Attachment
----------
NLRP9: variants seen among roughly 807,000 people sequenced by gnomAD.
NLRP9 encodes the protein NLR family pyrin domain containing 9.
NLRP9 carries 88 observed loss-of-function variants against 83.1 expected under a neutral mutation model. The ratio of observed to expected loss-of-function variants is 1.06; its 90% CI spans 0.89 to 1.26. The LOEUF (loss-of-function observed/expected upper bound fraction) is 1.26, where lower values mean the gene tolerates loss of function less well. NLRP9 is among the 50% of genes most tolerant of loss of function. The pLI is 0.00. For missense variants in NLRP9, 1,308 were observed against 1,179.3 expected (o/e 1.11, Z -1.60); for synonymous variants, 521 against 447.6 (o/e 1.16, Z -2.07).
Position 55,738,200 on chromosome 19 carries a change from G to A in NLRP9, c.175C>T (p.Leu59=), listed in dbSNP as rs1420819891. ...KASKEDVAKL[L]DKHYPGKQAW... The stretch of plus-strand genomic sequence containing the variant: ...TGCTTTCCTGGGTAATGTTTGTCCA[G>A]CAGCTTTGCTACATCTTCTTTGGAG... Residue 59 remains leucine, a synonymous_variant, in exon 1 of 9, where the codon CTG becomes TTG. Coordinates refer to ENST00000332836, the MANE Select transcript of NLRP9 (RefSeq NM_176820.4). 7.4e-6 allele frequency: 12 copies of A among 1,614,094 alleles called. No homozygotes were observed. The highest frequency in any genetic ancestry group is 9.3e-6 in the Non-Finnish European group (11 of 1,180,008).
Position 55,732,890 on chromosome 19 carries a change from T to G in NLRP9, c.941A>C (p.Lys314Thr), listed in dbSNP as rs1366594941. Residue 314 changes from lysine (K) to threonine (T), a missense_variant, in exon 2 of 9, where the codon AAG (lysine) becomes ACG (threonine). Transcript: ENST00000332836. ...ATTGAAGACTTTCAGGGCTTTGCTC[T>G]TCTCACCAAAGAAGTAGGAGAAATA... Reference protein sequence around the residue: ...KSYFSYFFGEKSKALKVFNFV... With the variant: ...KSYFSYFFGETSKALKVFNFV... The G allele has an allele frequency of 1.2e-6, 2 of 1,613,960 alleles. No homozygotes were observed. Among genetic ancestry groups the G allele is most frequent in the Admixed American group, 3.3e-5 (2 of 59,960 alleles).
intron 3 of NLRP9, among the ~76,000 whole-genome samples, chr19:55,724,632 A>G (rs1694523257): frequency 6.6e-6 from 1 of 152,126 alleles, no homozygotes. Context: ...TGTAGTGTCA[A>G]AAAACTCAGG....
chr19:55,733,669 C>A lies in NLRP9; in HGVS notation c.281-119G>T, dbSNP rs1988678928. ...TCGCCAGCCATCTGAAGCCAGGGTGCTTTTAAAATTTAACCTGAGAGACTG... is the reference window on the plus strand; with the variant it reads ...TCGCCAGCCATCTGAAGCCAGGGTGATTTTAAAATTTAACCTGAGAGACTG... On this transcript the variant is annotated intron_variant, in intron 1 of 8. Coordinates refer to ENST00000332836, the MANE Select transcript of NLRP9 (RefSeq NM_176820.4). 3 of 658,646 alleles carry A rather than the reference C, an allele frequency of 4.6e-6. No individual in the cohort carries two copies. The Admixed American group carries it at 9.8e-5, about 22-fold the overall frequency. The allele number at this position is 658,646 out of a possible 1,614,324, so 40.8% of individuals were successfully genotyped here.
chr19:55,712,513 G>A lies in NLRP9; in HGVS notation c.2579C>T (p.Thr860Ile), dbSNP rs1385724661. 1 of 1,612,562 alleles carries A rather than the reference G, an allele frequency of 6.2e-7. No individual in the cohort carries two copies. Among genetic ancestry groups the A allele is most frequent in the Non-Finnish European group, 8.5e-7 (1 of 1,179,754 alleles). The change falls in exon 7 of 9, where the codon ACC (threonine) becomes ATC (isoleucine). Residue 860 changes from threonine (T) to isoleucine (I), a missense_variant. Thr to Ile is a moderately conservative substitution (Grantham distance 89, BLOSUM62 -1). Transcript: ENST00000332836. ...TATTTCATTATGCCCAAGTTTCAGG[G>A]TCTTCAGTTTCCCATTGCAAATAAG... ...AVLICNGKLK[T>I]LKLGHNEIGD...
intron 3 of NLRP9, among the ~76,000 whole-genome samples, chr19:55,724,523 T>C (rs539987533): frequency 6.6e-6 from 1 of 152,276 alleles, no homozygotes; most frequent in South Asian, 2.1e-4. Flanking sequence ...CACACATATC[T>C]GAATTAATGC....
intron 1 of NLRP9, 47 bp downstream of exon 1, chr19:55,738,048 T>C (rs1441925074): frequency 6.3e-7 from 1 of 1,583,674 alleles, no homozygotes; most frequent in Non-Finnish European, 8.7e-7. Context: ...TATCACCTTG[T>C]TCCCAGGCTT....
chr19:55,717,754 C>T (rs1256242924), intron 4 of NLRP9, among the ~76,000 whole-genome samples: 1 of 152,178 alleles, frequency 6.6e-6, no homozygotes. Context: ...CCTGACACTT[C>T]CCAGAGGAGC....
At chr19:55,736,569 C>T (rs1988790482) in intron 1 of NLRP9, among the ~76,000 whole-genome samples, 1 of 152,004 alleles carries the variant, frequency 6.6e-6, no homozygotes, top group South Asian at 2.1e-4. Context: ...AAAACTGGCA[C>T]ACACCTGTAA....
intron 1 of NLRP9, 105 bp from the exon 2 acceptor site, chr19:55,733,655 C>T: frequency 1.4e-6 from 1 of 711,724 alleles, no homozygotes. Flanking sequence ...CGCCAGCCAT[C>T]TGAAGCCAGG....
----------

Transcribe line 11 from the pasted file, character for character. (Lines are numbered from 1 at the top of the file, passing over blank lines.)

chr19:55,717,754 C>T (rs1256242924), intron 4 of NLRP9, among the ~76,000 whole-genome samples: 1 of 152,178 alleles, frequency 6.6e-6, no homozygotes. Context: ...CCTGACACTT[C>T]CCAGAGGAGC....